Jennifer: So that’s an interesting question. So when… he was at work, he was arrested at work initially, and then they let him go. And that, and that was the beginning of years and years and years before it was actually arrested again and then ended up staying in jail until the trial. So when that happened, all the computers that he had in his home were destroyed beyond recognition, exactly in that timeframe, then I don’t know if it was that day, the next day, whatever it was. So when it came time to go and to get any sort of, you know, any of his computers from his home, they were destroyed. I mean, there, they were gone, there was no access. And so speaking with our detective and understanding the level of the abuse that he, I mean, he’s just think of the worst possible abuser, sexual abuser, that’s who he was.
They that they wanted to find the pornography. There is no question that he was not involved in child pornography. Now, do I have proof of that? No. But what would have helped our case go quicker is that they had to found that because that’s tangible evidence that they can like press charges on immediately. They get, I don’t know how many years I think it’s, and you would probably know this more than I would, but if they catch him on child porn, that’s an immediate, like, there’s, they, they, they get put in jail. Whereas if they’re trying to prove sexual abuse, it’s a lot harder to prove that. There’s just that…
Garrett Jonsson: Right. Because often times there’s lack of evidence.
Jennifer: Lack of evidence and collaboration. And again, it’s, he said, she said, and in our case, it had been 30 plus years since the abuse that occurred. And it was an absolute miracle that we were able to get that conviction, but it was very, very frustrating to us because he deliberately damaged his computer and it made it a lot harder and the process a lot longer. And he was very conniving, very, very, he’s a very intelligent man. Um, that used his, his very much a narcissistic sociopath. He used his level of intelligence and manipulation at to his advantage, to a family that was essentially very naive and saw the good in people. And he knew how to work the system. And just in that situation, he, you know, he was always a step ahead until he wasn’t right. It caught up to him eventually. He’s now eating slop in prison in Florence, Arizona. So there’s that?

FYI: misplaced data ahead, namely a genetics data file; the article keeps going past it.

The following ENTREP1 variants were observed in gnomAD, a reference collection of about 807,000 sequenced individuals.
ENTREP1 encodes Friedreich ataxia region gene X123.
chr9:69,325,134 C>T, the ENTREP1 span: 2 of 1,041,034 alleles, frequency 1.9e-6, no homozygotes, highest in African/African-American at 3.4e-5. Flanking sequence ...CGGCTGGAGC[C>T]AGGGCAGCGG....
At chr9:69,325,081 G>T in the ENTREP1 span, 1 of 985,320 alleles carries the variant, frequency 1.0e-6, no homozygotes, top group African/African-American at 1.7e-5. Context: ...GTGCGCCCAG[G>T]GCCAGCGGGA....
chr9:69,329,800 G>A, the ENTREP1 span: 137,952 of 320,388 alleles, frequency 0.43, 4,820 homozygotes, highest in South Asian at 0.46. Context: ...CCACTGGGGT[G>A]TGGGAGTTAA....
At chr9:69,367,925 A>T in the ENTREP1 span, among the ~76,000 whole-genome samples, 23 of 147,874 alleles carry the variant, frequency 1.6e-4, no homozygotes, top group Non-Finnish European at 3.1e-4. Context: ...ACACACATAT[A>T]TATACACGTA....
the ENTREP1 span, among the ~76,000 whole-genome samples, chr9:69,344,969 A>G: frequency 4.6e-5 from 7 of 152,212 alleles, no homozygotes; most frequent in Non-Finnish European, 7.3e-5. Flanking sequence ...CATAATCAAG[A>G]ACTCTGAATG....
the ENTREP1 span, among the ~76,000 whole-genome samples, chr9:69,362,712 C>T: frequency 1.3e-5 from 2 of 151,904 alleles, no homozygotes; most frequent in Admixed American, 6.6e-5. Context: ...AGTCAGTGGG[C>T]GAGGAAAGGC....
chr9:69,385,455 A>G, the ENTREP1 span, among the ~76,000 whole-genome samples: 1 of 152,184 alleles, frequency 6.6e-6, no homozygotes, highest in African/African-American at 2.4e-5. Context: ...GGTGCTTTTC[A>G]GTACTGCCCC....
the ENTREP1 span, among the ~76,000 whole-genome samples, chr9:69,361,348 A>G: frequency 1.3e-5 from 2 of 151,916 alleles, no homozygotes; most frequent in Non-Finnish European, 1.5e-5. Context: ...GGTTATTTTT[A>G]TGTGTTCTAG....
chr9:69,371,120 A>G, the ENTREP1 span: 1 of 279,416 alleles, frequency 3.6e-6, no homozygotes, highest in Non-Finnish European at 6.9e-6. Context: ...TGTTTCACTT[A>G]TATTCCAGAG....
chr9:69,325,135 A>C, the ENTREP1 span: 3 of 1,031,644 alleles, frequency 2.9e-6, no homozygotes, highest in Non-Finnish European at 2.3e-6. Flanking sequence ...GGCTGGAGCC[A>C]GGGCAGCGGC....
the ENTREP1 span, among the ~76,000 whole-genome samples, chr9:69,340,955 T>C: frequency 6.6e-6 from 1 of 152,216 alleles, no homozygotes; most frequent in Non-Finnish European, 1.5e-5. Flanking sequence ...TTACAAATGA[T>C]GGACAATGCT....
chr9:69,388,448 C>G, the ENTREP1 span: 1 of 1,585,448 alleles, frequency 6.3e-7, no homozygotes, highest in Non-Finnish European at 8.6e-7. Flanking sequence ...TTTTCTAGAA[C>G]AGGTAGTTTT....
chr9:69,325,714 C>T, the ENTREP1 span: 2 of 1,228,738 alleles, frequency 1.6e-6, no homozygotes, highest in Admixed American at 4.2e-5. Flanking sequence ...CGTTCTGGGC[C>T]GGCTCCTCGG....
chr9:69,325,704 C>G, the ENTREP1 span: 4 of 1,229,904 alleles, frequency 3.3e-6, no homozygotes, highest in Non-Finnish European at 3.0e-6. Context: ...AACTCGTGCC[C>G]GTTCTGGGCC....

Garrett Jonsson: Well, I just want to say how much I admire you for your courage and strength to, to persevere through that.
Jennifer: Well I appreciate that.
Garrett Jonsson: Thanks for doing all that you do.
Jennifer: Thank you. There’s definitely times that I wonder how strong and how courageous I am, but in the end, I, once I’ve got my eyes set on something, I there’s just, there’s no turning back, but there was definitely times when I, like I said, I, it was really hard.
Garrett Jonsson: Right.
Can you share a couple of maybe one example or two examples of, um, people that you’ve worked with within the program, The Dig, and some of the experiences they’ve had, um, that have gone from a low point to a success story of changing their perception and their energy?
Jennifer: One of the first ones I’ll share actually relates to pornography. I, um, I’ve actually worked with several clients that have had spouses that have struggled with this. And, um, one in particular, it was Christmas Eve and they had grabbed their husband’s phone to take a picture of the kids are out looking at lights and on the phone, somehow I don’t, there was pornography on the phone. She saw the pornography on the phone. And as you can imagine, that was very devastating. And often with pornography, when, when people have a spouse that’s struggling with that, they automatically feel a level of somehow it’s like a betrayal, a personable personal betrayal.
Garrett Jonsson: Right.
Jennifer: And what I know about pornography and what I know about any, anything that we do, whether it’s something that’s been dead to us, or a mistake that we’ve made, or an addiction that we have is shame can keeps it hidden.
And it keeps you from growing and healing through it. And in this particular case, she was willing to do the work on her end because really The Dig demands, honesty and accountability, she was willing to do the work that she needed to do to clear up those beliefs that told her that somehow she was, you know, not attractive, not desirable that he had betrayed her. And she really was able to get to a place where she understood that this wasn’t a reflection of her. And it really wasn’t about her, even though it impacted her. And that’s a tricky thing to try and help people understand. And so in doing the work with her, the idea was to help her to get clear where she was, so that she could make a decision, not based on emotion, not based on shame, whether or not she wanted to stay in this marriage.